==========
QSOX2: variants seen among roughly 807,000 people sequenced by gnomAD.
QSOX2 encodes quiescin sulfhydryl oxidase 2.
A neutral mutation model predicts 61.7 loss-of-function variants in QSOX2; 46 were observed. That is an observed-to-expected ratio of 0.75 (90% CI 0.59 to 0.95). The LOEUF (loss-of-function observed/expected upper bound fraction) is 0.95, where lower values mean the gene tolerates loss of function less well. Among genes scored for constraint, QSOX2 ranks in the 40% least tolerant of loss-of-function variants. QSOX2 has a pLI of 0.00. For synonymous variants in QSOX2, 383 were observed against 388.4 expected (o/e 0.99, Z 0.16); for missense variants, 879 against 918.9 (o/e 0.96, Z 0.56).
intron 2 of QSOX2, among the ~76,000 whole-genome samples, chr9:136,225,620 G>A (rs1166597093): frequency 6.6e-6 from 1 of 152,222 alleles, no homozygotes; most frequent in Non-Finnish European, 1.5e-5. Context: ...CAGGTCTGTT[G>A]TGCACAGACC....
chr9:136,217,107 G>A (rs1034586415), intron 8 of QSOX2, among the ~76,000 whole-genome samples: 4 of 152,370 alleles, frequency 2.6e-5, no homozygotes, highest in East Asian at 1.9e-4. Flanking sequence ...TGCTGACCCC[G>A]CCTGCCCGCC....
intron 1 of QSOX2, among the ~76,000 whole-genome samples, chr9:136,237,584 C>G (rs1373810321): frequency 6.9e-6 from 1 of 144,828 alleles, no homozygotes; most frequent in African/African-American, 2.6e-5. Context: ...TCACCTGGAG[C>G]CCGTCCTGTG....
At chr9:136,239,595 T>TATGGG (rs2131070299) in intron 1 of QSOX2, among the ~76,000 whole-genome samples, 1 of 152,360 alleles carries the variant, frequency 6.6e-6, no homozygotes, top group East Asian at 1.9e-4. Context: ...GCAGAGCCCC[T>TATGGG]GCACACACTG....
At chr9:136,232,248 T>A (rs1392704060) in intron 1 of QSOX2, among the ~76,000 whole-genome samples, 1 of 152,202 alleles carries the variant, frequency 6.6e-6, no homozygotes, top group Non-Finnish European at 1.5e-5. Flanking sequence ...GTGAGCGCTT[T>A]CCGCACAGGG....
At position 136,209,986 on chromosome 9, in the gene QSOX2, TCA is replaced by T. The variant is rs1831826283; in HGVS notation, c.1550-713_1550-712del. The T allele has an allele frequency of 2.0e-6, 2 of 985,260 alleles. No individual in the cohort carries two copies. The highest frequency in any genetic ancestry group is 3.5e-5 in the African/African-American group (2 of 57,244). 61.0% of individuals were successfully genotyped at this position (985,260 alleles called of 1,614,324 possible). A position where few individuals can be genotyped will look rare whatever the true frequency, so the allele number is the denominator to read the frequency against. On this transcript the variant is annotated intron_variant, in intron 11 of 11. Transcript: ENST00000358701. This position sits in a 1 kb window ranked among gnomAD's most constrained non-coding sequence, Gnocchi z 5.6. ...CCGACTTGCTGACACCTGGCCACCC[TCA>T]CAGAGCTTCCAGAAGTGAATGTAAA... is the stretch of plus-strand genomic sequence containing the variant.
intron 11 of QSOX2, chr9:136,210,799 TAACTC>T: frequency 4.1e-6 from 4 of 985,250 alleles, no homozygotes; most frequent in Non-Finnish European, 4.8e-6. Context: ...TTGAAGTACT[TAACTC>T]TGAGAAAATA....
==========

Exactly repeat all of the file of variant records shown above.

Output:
QSOX2: variants seen among roughly 807,000 people sequenced by gnomAD.
QSOX2 encodes quiescin sulfhydryl oxidase 2.
A neutral mutation model predicts 61.7 loss-of-function variants in QSOX2; 46 were observed. That is an observed-to-expected ratio of 0.75 (90% CI 0.59 to 0.95). The LOEUF (loss-of-function observed/expected upper bound fraction) is 0.95, where lower values mean the gene tolerates loss of function less well. Among genes scored for constraint, QSOX2 ranks in the 40% least tolerant of loss-of-function variants. QSOX2 has a pLI of 0.00. For synonymous variants in QSOX2, 383 were observed against 388.4 expected (o/e 0.99, Z 0.16); for missense variants, 879 against 918.9 (o/e 0.96, Z 0.56).
intron 2 of QSOX2, among the ~76,000 whole-genome samples, chr9:136,225,620 G>A (rs1166597093): frequency 6.6e-6 from 1 of 152,222 alleles, no homozygotes; most frequent in Non-Finnish European, 1.5e-5. Context: ...CAGGTCTGTT[G>A]TGCACAGACC....
chr9:136,217,107 G>A (rs1034586415), intron 8 of QSOX2, among the ~76,000 whole-genome samples: 4 of 152,370 alleles, frequency 2.6e-5, no homozygotes, highest in East Asian at 1.9e-4. Flanking sequence ...TGCTGACCCC[G>A]CCTGCCCGCC....
intron 1 of QSOX2, among the ~76,000 whole-genome samples, chr9:136,237,584 C>G (rs1373810321): frequency 6.9e-6 from 1 of 144,828 alleles, no homozygotes; most frequent in African/African-American, 2.6e-5. Context: ...TCACCTGGAG[C>G]CCGTCCTGTG....
At chr9:136,239,595 T>TATGGG (rs2131070299) in intron 1 of QSOX2, among the ~76,000 whole-genome samples, 1 of 152,360 alleles carries the variant, frequency 6.6e-6, no homozygotes, top group East Asian at 1.9e-4. Context: ...GCAGAGCCCC[T>TATGGG]GCACACACTG....
At chr9:136,232,248 T>A (rs1392704060) in intron 1 of QSOX2, among the ~76,000 whole-genome samples, 1 of 152,202 alleles carries the variant, frequency 6.6e-6, no homozygotes, top group Non-Finnish European at 1.5e-5. Flanking sequence ...GTGAGCGCTT[T>A]CCGCACAGGG....
At position 136,209,986 on chromosome 9, in the gene QSOX2, TCA is replaced by T. The variant is rs1831826283; in HGVS notation, c.1550-713_1550-712del. The T allele has an allele frequency of 2.0e-6, 2 of 985,260 alleles. No individual in the cohort carries two copies. The highest frequency in any genetic ancestry group is 3.5e-5 in the African/African-American group (2 of 57,244). 61.0% of individuals were successfully genotyped at this position (985,260 alleles called of 1,614,324 possible). A position where few individuals can be genotyped will look rare whatever the true frequency, so the allele number is the denominator to read the frequency against. On this transcript the variant is annotated intron_variant, in intron 11 of 11. Transcript: ENST00000358701. This position sits in a 1 kb window ranked among gnomAD's most constrained non-coding sequence, Gnocchi z 5.6. ...CCGACTTGCTGACACCTGGCCACCC[TCA>T]CAGAGCTTCCAGAAGTGAATGTAAA... is the stretch of plus-strand genomic sequence containing the variant.
intron 11 of QSOX2, chr9:136,210,799 TAACTC>T: frequency 4.1e-6 from 4 of 985,250 alleles, no homozygotes; most frequent in Non-Finnish European, 4.8e-6. Context: ...TTGAAGTACT[TAACTC>T]TGAGAAAATA....